Monopolies are a time honored tradition in America from J.P. Morgan’s U.S. Steel to John D. Rockefeller’s Standard Oil. But as high as these captains of industry rise they must inevitably either sink or stop taking up every dock in the port. Which is why the Sherman Anti-Trust Act was instituted one hundred and twenty-five years ago.
There IS a point when a corporation becomes too big for a free market. And not simply because it is successful but, more importantly, because the quality and innovative spirit of an industry is impeded by monopolies. But, over a century later, with some of the most extensive anti-trust laws in the world, it seems no one is enforcing some of the most basic tenants of American capitalism.
In fact, just 10 companies control most of the food you see in the grocery store. That means a very small group of people at the very top dictate our food choices, supply, variety and the very price we pay.
With Americans spending over $600 billion dollars on groceries every year, the food sector is ripe for the picking of major conglomerates and investment groups.And they are gaining control over your food supply.In fact, just 10 companies control most of the food you see in the grocery store.That means a very small group of people at the very top dictate our food choices, supply, variety and the very price we pay.More disturbingly, according to Chris Jochnick, Director of the Private Sector Department at Oxfam America most of these companies are “unaware of the social and environmental impact that they are creating or facilitating.”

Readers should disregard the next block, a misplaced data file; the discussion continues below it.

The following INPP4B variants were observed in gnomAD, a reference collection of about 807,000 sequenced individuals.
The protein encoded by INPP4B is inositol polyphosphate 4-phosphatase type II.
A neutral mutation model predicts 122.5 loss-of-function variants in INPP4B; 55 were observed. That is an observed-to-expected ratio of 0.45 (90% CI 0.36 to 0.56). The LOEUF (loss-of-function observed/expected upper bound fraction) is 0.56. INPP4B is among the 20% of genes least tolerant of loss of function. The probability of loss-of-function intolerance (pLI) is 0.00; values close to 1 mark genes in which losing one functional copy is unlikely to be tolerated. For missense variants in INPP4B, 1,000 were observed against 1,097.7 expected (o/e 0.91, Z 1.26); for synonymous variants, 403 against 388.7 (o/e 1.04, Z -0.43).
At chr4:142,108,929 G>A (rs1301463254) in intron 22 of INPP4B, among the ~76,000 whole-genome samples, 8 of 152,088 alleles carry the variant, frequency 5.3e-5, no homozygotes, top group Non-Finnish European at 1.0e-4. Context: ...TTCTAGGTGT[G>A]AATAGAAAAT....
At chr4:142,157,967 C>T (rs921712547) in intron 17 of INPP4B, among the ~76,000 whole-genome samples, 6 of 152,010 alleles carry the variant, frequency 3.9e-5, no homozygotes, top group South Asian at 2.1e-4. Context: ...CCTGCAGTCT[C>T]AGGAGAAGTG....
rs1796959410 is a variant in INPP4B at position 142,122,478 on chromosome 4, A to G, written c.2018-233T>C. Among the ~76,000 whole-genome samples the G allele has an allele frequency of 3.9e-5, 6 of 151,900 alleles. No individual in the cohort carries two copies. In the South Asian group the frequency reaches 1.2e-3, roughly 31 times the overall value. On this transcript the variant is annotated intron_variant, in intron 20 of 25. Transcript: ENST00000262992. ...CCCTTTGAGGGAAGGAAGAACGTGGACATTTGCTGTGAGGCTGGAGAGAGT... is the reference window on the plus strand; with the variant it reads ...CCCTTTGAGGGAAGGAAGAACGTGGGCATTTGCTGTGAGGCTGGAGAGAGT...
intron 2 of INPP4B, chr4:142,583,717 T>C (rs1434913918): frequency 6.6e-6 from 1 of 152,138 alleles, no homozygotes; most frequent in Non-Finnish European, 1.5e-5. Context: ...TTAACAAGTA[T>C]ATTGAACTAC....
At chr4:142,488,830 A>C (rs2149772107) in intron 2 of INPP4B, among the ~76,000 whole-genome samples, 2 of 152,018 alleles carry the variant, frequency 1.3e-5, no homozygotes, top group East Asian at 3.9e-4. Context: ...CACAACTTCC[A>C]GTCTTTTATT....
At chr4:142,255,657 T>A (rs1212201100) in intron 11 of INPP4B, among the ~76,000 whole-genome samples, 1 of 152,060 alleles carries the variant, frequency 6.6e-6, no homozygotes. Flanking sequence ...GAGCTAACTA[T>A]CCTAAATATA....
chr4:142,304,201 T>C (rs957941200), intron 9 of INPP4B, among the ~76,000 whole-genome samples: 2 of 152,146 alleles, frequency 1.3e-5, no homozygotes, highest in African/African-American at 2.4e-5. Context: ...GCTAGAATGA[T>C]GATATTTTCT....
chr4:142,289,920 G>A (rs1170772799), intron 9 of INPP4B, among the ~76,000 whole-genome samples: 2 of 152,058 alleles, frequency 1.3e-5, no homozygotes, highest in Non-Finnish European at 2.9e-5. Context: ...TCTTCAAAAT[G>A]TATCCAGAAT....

Recently another food giant transformed into a food behemoth, becoming the latest edition to the pantheon of corporate food.H.G. Heinz, owned by Warren Buffett’s Berkshire Hathaway, has announced it will be merging with Kraft Foods.
What does the ketchup king gain from a partnership with the mac and cheese lords?Well, the newly formed company will be the third largest food and beverage company in North American controlling about $28 billion dollars in revenue.This isn't about the culinary synergy of junk food.It's about cash and market share.But, you'd think it's an epic romance of consumerism by the company's official statements.
Through a press release Warren Buffettstated “I am delighted to play a part in bringing these two winning companies and their iconic brands together. This is my kind of transaction, uniting two world-class organizations and delivering shareholder value...”
Even the rich are being controlled by mega conglomerates. International luxury conglomerate LVMH or Louis Vuitton Moët Hennessy has a portfolio that contains over 60 prestigious brands including Dom Perignon and Donna Karan. boasts an international retail network of 3,708 stores like Sephora and they even created De Beers Diamond Jewelers in a joint partnership with diamond monopoly De Beers in order to sell their gems directly to the consumer.
So what’s the big deal?
Well, right now the economy of the United States is the most concentrated it has ever been in over a century and that trend is happening all over the world. With all market power in the hands of so few can we even call it a “free market” anymore?
Watch Jesse Ventura's take in this Off The Grid episode:
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